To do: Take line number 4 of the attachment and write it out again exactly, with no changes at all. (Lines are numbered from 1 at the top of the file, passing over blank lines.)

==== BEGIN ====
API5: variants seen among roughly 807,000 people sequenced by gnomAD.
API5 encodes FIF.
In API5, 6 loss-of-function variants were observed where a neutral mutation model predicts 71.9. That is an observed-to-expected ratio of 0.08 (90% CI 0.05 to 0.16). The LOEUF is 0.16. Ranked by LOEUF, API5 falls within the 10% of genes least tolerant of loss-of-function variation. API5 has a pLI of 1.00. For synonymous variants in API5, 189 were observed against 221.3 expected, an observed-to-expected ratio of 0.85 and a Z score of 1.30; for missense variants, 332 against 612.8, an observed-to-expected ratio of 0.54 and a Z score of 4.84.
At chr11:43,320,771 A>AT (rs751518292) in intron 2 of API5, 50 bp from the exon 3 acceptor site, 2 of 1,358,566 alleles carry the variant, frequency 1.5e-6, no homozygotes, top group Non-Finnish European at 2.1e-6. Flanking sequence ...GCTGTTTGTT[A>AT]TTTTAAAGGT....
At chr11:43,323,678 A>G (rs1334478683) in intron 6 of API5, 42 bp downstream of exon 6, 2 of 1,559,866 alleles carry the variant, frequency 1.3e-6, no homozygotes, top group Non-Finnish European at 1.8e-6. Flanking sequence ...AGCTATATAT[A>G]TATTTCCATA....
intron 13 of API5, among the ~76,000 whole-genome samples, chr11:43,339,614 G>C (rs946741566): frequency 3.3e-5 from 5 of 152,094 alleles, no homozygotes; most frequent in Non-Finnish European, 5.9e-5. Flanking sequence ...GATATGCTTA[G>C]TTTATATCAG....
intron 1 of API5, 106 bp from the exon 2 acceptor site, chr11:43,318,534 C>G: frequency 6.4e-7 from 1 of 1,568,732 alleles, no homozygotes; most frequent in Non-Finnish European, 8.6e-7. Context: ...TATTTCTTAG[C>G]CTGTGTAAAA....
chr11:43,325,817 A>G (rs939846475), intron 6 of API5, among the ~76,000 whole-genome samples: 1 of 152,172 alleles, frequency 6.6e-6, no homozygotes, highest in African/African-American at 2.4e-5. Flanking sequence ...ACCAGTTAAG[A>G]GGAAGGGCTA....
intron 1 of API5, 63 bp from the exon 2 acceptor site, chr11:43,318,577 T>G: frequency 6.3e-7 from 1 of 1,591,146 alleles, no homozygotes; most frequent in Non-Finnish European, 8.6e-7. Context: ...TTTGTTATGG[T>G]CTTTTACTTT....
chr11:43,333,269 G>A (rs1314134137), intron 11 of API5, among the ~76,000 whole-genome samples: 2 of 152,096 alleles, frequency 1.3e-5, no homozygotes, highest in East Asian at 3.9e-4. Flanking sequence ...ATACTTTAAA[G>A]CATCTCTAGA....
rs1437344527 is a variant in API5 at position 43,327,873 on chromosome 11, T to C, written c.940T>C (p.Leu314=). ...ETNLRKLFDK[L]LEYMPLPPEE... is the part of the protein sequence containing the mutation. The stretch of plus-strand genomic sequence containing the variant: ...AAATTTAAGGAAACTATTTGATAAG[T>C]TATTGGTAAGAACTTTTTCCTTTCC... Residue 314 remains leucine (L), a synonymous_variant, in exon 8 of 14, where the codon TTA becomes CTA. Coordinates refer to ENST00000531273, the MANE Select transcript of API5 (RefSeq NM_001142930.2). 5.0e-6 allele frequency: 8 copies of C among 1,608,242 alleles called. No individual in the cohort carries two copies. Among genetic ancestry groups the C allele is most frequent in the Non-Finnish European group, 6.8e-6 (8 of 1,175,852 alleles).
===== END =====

At chr11:43,320,771 A>AT (rs751518292) in intron 2 of API5, 50 bp from the exon 3 acceptor site, 2 of 1,358,566 alleles carry the variant, frequency 1.5e-6, no homozygotes, top group Non-Finnish European at 2.1e-6. Flanking sequence ...GCTGTTTGTT[A>AT]TTTTAAAGGT....